Test Drive Unlimited 2 – Hawaii

Having had a good bitch session about what TDU2 (Test Drive Unlimited 2) got wrong, I’d like to discuss the game in more detail, and go over what they got right.

As I’ve mentioned before, when I have a sandbox game at my disposal (whether it be a Grand Theft Auto style, or a driving game like Burnout Paradise, or TDU2) I spend most of my time exploring the world, and only occasionally bother with missions, races or whatever other diversions are offered.  What this means is that all of my complaining about time spent waiting for a race to start, or to retry, doesn’t mean a lot because that’s such a small part of the game for me.

On the other hand, when I do attempt races of any sort, I remember why I bitched about it.  Oops, sorry.  This is supposed to be about what they got right.


Since I’m talking about exploring, then I should talk about why I’m enjoying it. While discovering stores, wrecks and the like certainly ads a bit of interest, it’s mainly the landscape and the roads that I’m enjoying.  The scenery is incredibly varied with places such as: deep mountain valleys, seaside towns, camping areas, quiet lagoons, cities, industrial areas, quiet country roads and so on.  Added to this is the changing weather and time of day which means the scenery is constantly changing.  With the various lighting effects of sun through the clouds, or reflecting off the roads, it’s a very pretty game.

Continuing on the theme of exploring, TDU2 is huge.  Exploring just one island would take a long time, exploring two?  A mega long time (tell me if I’m getting too technical here).  A consequence of this is that if you want to get from one part of an island to another it takes yet another long time.  If all you want to do is race, or visit a certain store, then this can be a long, tedious process.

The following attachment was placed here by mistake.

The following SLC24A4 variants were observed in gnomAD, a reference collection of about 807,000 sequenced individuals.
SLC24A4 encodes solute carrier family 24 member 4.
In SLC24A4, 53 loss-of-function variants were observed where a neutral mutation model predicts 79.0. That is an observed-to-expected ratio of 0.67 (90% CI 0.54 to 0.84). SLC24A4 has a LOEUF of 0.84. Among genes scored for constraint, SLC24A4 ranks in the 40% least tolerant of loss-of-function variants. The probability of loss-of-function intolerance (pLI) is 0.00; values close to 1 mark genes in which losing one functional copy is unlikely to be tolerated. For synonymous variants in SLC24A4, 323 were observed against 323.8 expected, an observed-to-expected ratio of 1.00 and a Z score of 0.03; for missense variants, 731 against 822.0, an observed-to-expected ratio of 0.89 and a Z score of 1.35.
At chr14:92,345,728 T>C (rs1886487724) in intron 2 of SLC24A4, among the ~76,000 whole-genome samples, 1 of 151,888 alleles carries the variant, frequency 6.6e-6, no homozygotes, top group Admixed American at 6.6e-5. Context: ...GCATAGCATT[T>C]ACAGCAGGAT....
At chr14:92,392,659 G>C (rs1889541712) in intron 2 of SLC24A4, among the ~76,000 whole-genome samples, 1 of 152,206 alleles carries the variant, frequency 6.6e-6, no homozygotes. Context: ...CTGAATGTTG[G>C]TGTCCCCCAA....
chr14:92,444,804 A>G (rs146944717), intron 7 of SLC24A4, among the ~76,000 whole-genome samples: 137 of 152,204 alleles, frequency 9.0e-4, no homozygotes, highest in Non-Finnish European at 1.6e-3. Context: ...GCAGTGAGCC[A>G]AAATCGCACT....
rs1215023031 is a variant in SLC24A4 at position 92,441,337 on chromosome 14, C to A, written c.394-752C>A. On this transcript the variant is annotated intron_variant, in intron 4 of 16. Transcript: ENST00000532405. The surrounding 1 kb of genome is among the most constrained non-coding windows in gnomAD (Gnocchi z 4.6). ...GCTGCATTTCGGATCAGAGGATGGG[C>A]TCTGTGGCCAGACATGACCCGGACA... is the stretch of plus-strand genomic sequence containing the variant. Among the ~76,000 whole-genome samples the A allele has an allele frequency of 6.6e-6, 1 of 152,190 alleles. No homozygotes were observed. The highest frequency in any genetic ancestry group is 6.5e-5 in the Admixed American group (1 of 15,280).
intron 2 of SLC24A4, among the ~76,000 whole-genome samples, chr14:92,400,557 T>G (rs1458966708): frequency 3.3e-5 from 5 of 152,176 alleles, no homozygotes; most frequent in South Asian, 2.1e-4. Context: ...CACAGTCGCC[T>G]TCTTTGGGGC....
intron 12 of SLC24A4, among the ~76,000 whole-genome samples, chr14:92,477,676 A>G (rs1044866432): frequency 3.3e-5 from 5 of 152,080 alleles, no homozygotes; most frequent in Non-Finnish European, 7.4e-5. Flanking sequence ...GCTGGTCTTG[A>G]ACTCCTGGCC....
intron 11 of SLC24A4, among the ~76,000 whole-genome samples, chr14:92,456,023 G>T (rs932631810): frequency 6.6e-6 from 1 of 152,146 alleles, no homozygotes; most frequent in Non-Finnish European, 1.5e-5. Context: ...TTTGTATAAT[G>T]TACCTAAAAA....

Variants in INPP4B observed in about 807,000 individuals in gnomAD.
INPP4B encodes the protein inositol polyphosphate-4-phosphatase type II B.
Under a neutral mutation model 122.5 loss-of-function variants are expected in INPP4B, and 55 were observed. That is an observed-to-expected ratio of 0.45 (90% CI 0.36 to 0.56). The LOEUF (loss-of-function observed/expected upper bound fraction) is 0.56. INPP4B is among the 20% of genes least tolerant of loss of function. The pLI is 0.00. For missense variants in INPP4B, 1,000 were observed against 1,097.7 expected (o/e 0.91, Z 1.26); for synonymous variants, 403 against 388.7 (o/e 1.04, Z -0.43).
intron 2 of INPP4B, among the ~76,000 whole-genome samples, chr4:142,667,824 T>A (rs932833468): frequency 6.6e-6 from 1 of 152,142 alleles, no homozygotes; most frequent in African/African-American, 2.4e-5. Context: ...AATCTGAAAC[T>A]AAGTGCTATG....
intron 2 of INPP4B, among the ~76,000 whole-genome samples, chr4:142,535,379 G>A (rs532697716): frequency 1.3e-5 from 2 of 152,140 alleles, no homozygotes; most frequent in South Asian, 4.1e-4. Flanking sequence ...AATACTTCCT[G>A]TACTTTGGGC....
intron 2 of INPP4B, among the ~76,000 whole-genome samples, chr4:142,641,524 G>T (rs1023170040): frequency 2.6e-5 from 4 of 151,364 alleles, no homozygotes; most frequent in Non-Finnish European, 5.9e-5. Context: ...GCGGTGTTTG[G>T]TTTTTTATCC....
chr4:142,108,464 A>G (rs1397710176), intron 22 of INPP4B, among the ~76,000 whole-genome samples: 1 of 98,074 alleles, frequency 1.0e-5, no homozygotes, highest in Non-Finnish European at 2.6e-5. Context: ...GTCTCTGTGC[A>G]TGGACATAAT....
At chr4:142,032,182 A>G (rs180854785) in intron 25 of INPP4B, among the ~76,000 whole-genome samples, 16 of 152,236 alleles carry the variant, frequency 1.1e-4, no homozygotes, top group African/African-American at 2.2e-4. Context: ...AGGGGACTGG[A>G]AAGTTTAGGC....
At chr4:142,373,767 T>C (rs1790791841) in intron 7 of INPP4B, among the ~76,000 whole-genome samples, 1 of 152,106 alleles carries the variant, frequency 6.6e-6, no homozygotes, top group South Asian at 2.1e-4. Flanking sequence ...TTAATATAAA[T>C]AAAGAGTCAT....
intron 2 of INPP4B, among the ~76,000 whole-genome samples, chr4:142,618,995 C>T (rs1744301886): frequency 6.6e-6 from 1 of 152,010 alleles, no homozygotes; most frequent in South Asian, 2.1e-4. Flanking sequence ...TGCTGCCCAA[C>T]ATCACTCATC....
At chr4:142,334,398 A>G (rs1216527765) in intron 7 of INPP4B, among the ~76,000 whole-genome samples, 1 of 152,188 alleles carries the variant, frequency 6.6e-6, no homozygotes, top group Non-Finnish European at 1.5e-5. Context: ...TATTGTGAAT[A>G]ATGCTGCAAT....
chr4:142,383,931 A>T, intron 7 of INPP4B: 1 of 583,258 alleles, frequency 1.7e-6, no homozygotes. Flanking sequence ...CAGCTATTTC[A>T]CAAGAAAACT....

The designers have thought about this, however, and allow you to use the map screen to “quick travel” to any point you’ve already explored.  This includes both locations, such as houses and stores, and the roads themselves.  Of course, you still have to have driven the area first, however I find this a good compromise.


I was planning to write an article on the difference between TDU and TDU 2, but most what I was going to say is going in here.  Also, remember I’m talking about the single player experience here, and not the ‘online experience’ – though the line is blurred a little with TDU2.  I may write about online sometime when (if) I’ve played around with it.

Events are far more structured in TDU2, rather than being scattered all over the roads.  For a start, you need to get a licence for a particular race type.  There are two ‘C’ (Classic) licences, four ‘B’ type (offroad) and seven ‘A’ type (Asphalt).  To competed in the appropriate class you need to have that class licence, and a car from that class.  This means that you start out ‘gently’ with only one race type available, then you gain more licences, cars and races as you progress.

Class races are grouped into ‘Championships’, which is usually six different events under that class.  To win a championship, you need to pick up the most points.  For each event you get 10 points for a win, 8 for second and so on.  This means you don’t need to come first in every event to win the Championship – which I like  as it means that you can “step on” even if one or two events are giving you problems.  Of course, you can also come back later and try the Championship again.

This structure works to TDU2’s benefit, I think, as I often felt lost or without enough to do in TDU.  It also stops it from being too overwhelming for a new player, and leads them from the easier races/cars through to the harder/faster ones.

Phone Calls

I’m sure anyone that played Grand Theft Auto: IV (GTAIV) and disliked the constant calls from friends will be wincing at this particular mechanic.  As part of leading you through the game structure, and introducing new races, game mechanics and more, you’ll get a call on your mobile phone.  You then have the option of setting your GPS destination to whatever place the caller is talking about, or ignoring it.

At first, this was helpful, then I began to find it annoying, as I was usually already on my way somewhere when they called.  However, it appears that the game recognises when you’re doing “official things” and calls  you more often just after you’ve finished (say) a Championship, then eventually the calls are very few and far between as you Free Ride and ignore the calls.  I suspect that’s probably the best compromise here.

Final Words

I’m sure I’ll find more to gush/bitch about later.  For now, however, I’ll keep exploring the world, and maybe do a race or two. Maybe.

About Lisa

A Geeky Gamergrrl who obsesses about the strangest things.
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